Since homeschooling has been on my radar for years, back when my oldest was about to begin school (which he did and he remains in public school to this day), I've always known of Village Home. Even though he had begun school, I always checked if they had any classes he might take. As I was making the decision to homeschool Sanji this year, I began looking at their website more regularly.
They do have several classes for her age, but for what we decided to take, a membership wasn't the best financial choice. It does get you reduced tuition, up to half off if you also sign up for Community Duty, which is an opportunity to volunteer in exchange for greatly reduced tuition on all classes.
We attended Open House a few weeks ago and really loved the energy and the excitement from the staff and from the students who go there that were giving the tours. They were well spoken and passionate about Village Home and I was very impressed with the young teen girl who gave us our tour, answered questions, and shared with us about her experience.
In the next few days, as I emailed VH questions and got answers, I signed Sanji up for one class, Magic Tales Theater. It meets once a week, for one hour, for 10 weeks. It cost us $125 as non members. The member fee is $100, and the fee with Community Duty is $65.
Sanji had her first class on Thursday. It was SPECTACULAR.
The teacher, Whitney, was engaging, energetic, patient, radiant even. The class started with a story, The Tortoise and the Hare. The children were given paper and crayons, to draw anything they wanted. Some drew the story, others did not. And it was all perfectly fine and supported by Whitney as she went from child to child to ask about their drawings.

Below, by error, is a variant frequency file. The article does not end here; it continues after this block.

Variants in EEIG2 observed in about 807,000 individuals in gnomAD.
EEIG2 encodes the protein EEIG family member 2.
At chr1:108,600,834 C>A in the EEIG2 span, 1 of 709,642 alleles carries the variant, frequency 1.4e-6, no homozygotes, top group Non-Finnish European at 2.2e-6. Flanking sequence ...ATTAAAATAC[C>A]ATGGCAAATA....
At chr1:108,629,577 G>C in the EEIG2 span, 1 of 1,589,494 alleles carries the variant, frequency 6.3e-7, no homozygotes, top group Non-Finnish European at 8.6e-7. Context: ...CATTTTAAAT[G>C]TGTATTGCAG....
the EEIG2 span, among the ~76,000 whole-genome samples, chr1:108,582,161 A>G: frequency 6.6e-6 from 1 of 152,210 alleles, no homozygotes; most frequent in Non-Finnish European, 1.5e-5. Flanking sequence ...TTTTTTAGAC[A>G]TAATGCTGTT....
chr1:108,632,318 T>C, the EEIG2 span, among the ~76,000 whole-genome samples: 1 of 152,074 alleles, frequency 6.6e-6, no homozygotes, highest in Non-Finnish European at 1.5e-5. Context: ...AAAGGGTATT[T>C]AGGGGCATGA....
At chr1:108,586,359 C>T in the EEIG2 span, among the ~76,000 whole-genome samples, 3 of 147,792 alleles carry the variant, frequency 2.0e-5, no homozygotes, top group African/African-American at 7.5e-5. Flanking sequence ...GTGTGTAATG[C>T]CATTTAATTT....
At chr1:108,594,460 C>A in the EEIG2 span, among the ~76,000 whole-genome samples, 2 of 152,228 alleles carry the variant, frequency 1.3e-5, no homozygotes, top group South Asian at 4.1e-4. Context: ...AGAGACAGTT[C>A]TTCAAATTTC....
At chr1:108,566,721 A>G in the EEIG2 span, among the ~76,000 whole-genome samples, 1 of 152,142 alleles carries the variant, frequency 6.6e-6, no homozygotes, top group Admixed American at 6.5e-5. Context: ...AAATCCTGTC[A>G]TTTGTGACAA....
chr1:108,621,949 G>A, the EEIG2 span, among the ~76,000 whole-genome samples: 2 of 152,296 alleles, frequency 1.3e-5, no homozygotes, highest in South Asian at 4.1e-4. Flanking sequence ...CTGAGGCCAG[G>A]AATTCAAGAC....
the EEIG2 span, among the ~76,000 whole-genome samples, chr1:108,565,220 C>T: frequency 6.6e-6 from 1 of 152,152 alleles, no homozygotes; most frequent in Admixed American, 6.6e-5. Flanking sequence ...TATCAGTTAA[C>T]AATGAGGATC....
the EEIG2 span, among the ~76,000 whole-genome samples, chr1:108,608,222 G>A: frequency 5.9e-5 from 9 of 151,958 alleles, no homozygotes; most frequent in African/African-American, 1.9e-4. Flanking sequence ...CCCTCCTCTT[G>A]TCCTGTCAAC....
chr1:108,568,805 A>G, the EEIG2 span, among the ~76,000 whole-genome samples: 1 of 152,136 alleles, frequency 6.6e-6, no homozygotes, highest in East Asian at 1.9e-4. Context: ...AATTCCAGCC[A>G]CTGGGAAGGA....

They were invited to sit on the rug when their drawings were done. This happened at different times and each child was welcomed as they made the move from table to rug. Next, she did roll call to match faces to names. She asked each child to share something about themselves, something they liked. Sanji said that she likes to do art. Over the course of the hour, more stories were read, they were acted out, there was discussion and the class ended in a circle of holding hands where a squeeze traveled from teacher to child to child, all the way around so that all the good feelings they were having right then, could stay with them throughout the week. I adored this.
Sanji left happy and excited for her next class and we stopped for a treat at Cold Stone before heading to her piano lesson.
Other classes for her age include art, science, math, music, and sports, options. Once she turns 6, a few more options are available and from 7 on up, I could probably almost fill her days with classes there. I think the community is incredibly lucky to have this kind of resource and I am excited to see how our family might utilize this resource should we decide to keep on homeschooling after this school year.